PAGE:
Al Qaeda Videos Earn American First Treason Charge In More Than 50 Years

Adam Gadahn has appeared in videos alongside al Qaeda second-in-command.

Adam Yahiye Gadahn on Wednesday became the first American since the World War II era to be charged with treason.

The Orange County, California, native — who converted to Islam and is believed to be living in Pakistan — was also charged by a grand jury with providing material support to al Qaeda through his appearance in five videos tied to the organization, in which prosecutors said his intent was to "betray the United States."

"The crime of treason is perhaps the most serious offense for which any person can be tried under our Constitution," Deputy Attorney General Paul McNulty said at a Washington, D.C., news conference to announce the charges, according to the Los Angeles Times. "It is not a crime only against the American people but against America itself." Treason, the only crime specifically mentioned in the U.S. Constitution, can carry a death penalty.

Originally thought to be merely a translator for al Qaeda, Gadahn, 28, has emerged recently as the most prominent American involved in extremist Islam thanks to his appearance in videos alongside al Qaeda's second-in-command, Ayman al-Zawahiri.

Gadahn first appeared in a video that aired October 27, 2004, wearing a head scarf covering everything but his eyes and stating that he had "joined a movement waging war on America and killing large numbers of Americans." Also known as "Azzam the American," Gadahn is believed to be the person in an hour-long al Qaeda video released just before the 2004 presidential election in which he said that American "streets will run red with blood."

In one of his recent appearances, on the fifth anniversary of the September 11 terror attacks, he was shown without a disguise, mentioned the name of 9/11 hijacker Mohammed Atta, warned of new attacks on Los Angeles and Australia, and referred to the U.S. as "enemy soil."

Last month, he urged American soldiers to "escape from the unbelieving army and join the winning side," describing the 9/11 hijackers as "brothers."

Because the government must present at least two witnesses to an act of treason or provide a courtroom confession, the case for the crime has historically been difficult to prove, according to the Times. The last person charged with treason was Tomoya Kawakita, a Southern Californian Japanese-American who was found guilty of torturing American prisoners of war who worked at a mining company where he was an interpreter during World War II, according to the Times. Though originally sentenced to death in 1952, Kawakita's sentence was commuted to life and he was eventually deported.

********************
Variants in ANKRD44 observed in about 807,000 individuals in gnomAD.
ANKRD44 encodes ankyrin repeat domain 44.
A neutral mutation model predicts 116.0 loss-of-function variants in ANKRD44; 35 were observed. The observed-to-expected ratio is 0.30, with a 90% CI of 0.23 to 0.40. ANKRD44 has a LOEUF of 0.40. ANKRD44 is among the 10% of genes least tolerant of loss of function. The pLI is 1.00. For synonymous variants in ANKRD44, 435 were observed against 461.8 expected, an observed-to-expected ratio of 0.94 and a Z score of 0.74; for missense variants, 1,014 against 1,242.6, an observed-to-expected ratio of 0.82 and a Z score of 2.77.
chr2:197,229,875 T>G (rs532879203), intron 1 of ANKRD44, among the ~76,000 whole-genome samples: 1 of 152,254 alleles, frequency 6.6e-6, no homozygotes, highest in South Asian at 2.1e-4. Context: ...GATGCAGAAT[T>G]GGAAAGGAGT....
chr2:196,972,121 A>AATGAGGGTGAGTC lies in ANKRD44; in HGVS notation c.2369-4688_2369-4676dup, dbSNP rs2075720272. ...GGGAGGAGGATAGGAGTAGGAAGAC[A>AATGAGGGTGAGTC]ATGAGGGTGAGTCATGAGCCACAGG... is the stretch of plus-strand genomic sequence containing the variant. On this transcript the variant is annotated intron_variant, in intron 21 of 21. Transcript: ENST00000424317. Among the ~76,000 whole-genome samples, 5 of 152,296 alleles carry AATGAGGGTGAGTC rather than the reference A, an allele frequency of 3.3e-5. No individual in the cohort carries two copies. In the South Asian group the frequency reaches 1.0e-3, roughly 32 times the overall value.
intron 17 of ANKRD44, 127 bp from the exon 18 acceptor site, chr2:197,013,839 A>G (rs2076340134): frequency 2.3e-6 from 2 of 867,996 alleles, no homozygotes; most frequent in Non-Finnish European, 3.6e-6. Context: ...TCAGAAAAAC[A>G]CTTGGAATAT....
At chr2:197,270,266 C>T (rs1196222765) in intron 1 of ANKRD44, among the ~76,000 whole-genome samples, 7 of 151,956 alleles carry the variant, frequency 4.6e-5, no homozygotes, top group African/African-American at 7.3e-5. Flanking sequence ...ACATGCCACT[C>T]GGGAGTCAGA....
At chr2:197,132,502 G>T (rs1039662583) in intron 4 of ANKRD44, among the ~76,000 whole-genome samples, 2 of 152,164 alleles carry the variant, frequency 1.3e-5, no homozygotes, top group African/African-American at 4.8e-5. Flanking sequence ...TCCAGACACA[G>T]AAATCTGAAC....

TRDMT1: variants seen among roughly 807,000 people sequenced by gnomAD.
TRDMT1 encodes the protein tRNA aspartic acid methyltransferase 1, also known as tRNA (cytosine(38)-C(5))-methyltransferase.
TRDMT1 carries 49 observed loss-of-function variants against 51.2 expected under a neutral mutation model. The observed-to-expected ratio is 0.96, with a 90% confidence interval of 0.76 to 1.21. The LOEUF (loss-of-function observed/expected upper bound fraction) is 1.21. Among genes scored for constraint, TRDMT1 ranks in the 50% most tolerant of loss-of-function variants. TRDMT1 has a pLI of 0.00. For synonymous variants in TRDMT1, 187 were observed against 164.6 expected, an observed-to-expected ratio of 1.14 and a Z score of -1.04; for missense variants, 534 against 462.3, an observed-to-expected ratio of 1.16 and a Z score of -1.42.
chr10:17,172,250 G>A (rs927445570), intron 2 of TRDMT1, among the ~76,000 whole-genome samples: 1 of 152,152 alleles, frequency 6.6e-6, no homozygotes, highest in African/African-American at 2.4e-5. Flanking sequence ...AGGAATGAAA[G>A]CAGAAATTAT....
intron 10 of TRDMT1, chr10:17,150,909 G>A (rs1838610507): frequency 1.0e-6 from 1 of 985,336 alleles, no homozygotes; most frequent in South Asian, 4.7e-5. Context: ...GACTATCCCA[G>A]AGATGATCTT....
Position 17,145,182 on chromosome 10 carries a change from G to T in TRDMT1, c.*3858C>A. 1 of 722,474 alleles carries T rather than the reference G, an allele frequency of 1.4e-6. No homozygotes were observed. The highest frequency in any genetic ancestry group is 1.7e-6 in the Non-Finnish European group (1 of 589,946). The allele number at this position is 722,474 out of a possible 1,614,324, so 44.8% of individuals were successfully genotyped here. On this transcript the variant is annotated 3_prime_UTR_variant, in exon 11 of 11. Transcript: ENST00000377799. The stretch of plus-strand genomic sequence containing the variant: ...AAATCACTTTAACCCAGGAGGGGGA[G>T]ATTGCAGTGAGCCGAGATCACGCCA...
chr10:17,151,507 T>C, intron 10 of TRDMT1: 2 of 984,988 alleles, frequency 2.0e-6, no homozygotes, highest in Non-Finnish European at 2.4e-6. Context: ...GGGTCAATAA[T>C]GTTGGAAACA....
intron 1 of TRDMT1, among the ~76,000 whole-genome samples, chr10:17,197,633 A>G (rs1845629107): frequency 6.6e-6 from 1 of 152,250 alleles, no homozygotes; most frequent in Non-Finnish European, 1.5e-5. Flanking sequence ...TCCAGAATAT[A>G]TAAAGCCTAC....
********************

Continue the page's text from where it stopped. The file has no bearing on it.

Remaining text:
Unlike most people charged with treason, who typically carry their efforts out in secret, Gadahn has been very public in his criticism of the U.S., which experts said could make his prosecution easier.

The grandson of a well-known Orange County urologist, Gadahn was home-schooled on a goat farm by parents who had "eclectic religious tastes [and] shunned the modern world," according to the Times.

At 16, he moved in with his grandparents — his grandfather was a board member of the Anti-Defamation League, a prominent Jewish organization — during a period of rebellion and soul-searching that saw him study fundamental Christianity, obsess over death-metal music and finally discover Islam on the Internet using his grandmother's computer, the Orange Country Register reported.

He began attending a nearby Islamic Center where he was influenced by the followers of Sheikh Omar Abdel-Rahman, who is currently serving a life sentence for the 1993 bombing of the World Trade Center.

In other news:

A British man, Dhiran Barot, 32, pleaded guilty on Thursday (October 12) to conspiring to bomb high-profile targets in the U.S. such as the New York Stock Exchange and the International Monetary Fund headquarters in Washington, D.C., according to The Associated Press. Barot was arrested in August 2004 and officials found on his computer plans for back-to-back attacks on additional targets in London, Washington, New York and New Jersey using radioactive dirty bombs.

In the British plots, Barot planned to pack gas cylinders into limousines and detonate them in underground parking garages.